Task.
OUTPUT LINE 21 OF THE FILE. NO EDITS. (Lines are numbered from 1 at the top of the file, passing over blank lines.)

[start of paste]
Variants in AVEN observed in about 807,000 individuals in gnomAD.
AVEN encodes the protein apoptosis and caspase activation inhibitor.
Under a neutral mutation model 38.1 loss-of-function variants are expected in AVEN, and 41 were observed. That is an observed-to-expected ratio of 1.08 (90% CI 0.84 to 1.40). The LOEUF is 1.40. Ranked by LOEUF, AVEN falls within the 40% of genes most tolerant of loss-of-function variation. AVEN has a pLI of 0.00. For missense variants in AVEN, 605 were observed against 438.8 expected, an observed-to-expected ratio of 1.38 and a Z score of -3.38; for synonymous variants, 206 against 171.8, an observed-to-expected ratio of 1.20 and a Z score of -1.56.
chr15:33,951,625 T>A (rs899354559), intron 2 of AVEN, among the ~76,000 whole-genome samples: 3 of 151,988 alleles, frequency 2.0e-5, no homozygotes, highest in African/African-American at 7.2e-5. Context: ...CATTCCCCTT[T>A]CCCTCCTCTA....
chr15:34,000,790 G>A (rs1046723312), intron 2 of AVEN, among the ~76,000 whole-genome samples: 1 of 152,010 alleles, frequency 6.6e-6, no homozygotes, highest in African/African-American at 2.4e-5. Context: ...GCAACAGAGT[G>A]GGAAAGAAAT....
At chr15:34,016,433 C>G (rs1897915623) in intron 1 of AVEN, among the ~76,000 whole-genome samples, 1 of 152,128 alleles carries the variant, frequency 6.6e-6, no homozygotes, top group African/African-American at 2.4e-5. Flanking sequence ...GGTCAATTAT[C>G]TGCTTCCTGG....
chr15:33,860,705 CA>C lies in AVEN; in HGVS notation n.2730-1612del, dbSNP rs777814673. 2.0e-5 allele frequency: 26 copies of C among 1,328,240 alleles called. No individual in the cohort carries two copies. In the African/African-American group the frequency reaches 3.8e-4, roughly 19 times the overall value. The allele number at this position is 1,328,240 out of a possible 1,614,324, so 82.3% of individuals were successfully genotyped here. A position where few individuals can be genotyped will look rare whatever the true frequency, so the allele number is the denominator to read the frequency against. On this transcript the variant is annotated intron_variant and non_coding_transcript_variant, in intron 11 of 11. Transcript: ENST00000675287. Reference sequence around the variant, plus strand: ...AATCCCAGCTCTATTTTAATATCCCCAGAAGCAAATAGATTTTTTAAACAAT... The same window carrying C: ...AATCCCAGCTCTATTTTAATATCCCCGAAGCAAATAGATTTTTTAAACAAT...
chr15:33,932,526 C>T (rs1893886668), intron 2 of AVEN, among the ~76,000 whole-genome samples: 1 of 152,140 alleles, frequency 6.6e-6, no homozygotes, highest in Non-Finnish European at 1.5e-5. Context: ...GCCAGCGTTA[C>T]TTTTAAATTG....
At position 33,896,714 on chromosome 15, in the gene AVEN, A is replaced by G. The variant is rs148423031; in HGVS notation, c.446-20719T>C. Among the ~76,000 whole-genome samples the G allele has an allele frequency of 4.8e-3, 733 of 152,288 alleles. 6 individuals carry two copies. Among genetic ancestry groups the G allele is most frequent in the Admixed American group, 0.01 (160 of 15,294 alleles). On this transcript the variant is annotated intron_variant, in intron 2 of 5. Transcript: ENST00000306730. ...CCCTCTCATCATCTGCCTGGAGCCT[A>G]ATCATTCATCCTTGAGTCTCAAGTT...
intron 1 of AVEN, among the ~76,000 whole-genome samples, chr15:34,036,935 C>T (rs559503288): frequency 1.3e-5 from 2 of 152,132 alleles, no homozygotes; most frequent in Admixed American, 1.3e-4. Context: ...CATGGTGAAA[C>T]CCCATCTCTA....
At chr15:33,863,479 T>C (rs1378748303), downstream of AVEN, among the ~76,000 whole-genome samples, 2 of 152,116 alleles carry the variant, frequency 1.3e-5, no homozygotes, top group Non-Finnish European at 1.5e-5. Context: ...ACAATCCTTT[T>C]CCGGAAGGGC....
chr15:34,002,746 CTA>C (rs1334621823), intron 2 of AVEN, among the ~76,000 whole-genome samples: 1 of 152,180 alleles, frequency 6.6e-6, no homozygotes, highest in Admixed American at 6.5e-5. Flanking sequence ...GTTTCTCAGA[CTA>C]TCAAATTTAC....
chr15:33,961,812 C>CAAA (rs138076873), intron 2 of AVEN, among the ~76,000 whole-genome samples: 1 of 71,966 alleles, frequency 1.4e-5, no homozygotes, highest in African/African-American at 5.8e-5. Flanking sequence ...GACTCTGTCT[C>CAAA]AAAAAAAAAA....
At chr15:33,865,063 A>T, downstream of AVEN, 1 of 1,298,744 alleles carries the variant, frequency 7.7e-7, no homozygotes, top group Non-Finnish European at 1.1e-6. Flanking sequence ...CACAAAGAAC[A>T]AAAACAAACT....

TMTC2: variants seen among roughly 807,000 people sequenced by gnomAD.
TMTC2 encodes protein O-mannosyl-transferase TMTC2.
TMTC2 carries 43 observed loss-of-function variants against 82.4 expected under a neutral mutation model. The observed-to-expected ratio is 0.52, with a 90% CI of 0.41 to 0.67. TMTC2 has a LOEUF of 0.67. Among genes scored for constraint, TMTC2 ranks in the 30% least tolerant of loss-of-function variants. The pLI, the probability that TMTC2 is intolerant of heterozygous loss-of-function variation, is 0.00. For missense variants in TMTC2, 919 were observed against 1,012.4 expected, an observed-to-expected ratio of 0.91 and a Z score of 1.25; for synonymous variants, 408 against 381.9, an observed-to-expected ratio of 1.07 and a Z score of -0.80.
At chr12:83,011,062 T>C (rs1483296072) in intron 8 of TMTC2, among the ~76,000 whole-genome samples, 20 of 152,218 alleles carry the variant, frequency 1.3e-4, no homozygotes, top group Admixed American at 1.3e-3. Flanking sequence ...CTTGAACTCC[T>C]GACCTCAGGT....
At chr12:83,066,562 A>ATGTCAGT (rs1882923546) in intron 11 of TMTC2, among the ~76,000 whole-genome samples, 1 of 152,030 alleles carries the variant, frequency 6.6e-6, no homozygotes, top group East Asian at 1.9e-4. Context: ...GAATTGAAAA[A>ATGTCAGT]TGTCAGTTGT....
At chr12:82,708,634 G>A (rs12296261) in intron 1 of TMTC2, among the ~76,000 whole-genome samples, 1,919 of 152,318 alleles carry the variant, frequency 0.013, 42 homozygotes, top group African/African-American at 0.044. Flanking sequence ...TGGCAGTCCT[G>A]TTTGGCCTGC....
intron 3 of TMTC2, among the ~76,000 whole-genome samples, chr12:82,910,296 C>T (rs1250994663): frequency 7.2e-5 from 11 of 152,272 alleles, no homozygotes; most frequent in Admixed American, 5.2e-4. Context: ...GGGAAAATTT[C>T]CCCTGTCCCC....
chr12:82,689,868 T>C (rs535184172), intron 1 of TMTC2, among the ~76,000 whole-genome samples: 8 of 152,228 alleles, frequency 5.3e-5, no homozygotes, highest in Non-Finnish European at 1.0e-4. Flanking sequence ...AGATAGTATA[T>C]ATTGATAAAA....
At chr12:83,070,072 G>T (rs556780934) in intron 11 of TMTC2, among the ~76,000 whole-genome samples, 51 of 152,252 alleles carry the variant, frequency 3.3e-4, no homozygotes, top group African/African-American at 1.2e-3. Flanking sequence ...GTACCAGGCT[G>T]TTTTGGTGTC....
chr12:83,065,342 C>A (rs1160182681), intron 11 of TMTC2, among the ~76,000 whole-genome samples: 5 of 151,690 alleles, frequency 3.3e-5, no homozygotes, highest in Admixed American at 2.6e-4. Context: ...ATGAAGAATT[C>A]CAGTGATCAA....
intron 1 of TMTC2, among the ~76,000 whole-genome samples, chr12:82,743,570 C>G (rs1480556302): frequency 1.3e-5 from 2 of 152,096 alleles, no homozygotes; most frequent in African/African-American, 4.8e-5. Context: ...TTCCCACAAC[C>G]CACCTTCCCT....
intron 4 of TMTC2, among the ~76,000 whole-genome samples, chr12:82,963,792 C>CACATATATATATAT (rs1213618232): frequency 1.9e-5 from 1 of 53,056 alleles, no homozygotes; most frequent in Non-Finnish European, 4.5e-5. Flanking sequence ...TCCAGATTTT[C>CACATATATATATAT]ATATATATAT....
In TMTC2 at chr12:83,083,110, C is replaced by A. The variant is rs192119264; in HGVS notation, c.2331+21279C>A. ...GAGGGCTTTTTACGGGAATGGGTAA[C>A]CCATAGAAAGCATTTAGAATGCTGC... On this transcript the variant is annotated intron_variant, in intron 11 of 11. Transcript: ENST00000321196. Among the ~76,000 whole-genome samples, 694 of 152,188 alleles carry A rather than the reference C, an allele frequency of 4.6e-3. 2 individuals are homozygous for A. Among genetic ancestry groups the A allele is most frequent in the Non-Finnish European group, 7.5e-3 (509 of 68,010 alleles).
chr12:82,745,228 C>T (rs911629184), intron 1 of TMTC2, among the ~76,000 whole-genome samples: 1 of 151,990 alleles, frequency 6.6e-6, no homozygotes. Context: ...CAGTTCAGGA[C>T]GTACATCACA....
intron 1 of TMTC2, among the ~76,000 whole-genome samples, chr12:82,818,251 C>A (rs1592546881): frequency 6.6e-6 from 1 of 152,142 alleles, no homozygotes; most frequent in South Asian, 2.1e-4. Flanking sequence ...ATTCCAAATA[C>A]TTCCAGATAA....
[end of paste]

intron 3 of TMTC2, among the ~76,000 whole-genome samples, chr12:82,910,296 C>T (rs1250994663): frequency 7.2e-5 from 11 of 152,272 alleles, no homozygotes; most frequent in Admixed American, 5.2e-4. Context: ...GGGAAAATTT[C>T]CCCTGTCCCC....